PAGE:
How do you feel about the old songs today then? Are they a millstone around your neck or do you enjoy them with the benefit of hindsight?

Well, I’ve had an off and on relationship with them. There are plenty of times were I have felt them to be a millstone around my neck. ‘Cars’, in particular has been very successful so I am not grumpy. It is a very cool thing. But, there are times when it can get frustrating. You’ll go to a radio station to talk about your new album and when you arrive, they introduce you by playing ‘Cars’ and then they say good bye to you by playing ‘Are ‘Friends’ Electric’ but they don’t play anything from the new album. Now, that can be a bit annoying. There have been times when it seems that those songs have overshadowed other things that I have tried to do. But, not always and certainly, not as much now as it used to be. For a while, I wanted to distance myself from them quite a bit and I went through a period once of not playing ‘Cars’ live for about three years. I then realised that I was being childish and stupid. I think most song writers would bend over backwards to have written something that was that successful so I should be grateful and I am now. I’ve grown up a bit and stopped being childish. I am grateful, I do recognise that it is a cool thing to have written and is actually very successful. I am proud of it. But, I have played it thousands of times so it doesn’t have quite the same exciting spark when I play it live as some of the other songs but I certainly don’t begrudge playing it.

Speaking of that successful era and the many loyal fans that came out of it, where you aware of the reach of it to have even impacted on places like Australia at that time?

Ah, not really but in a way you are because your albums are selling and you’re being presented with gold discs. You’re doing lots of press and you know that the video is being shown so you know that the music is getting out there but you don’t really know whether anyone is just kind of being influenced by it or whether it is having any kind of effect outside of your fans buying it. For a long time, I was completely unaware of having any kind of influential effect. That has kind of happened or I noticed that now because in the last ten to fifteen years, so many people have been talking about it. Trent Reznor has talked about listening to my stuff as what got him into keyboards in the first place and thinking about getting Nine Inch Nails together. Many comments like that and people doing cover versions, sampling and all that sort of stuff. So, I became aware of it in the greater stages of my career. I was completely unaware of it back in the day.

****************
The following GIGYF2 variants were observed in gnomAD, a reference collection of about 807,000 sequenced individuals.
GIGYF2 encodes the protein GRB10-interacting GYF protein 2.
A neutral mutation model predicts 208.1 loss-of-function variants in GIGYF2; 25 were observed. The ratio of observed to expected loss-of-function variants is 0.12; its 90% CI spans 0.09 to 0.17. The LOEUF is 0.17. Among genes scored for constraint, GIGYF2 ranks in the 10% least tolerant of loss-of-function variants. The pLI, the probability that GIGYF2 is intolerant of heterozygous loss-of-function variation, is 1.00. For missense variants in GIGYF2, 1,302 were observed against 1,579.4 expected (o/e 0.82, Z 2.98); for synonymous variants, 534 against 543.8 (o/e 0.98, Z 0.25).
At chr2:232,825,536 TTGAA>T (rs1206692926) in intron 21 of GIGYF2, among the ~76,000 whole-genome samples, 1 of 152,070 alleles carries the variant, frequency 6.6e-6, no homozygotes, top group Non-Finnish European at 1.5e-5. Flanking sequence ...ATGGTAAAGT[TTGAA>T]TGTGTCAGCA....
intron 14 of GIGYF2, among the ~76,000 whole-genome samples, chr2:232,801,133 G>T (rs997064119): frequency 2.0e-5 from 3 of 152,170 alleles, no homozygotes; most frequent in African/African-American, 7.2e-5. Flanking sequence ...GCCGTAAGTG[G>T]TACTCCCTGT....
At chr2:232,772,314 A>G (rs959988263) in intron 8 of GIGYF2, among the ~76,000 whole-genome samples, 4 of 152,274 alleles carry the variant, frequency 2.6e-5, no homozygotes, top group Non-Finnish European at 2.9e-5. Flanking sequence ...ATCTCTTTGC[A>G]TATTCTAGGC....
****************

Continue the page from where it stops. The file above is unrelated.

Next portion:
What would be your favourite songs on Splinter that typify how you feel about it?

That’s a tricky one, actually. The title track, ‘Splinter’, I really love but one of the best songs to play live is called ‘Love Hurt Bleed’ and that is a huge track to play live. There is another one called ‘Everything Comes Down to This’ which has just got a massive groove running through it. I have made about twenty albums and have to say that of all those albums, Splinter is the only one I have ever made where I cannot find a weak song on it anywhere, from my point of view anyway. I am really proud of it. Most albums will have two or three songs that really stand out head and shoulders above the album. For me, with Splinter, I don’t have that. I am pretty much even with everything. But now there are certain songs that are really fun to do live because they are big and powerful.

Gary Numan is touring now:
25/5: Astor Theatre, Perth WA (+ Rooster Police)
27/5: Tivoli Theatre, Brisbane QLD (+ Bat Noveau)
29/5: HQ, Adelaide SA (+ Izera)
30/5: HiFi Bar, Melbourne VIC (+ The Red Paintings)
31/5: Metro Theatre, Sydney NSW (+ Buzzkill)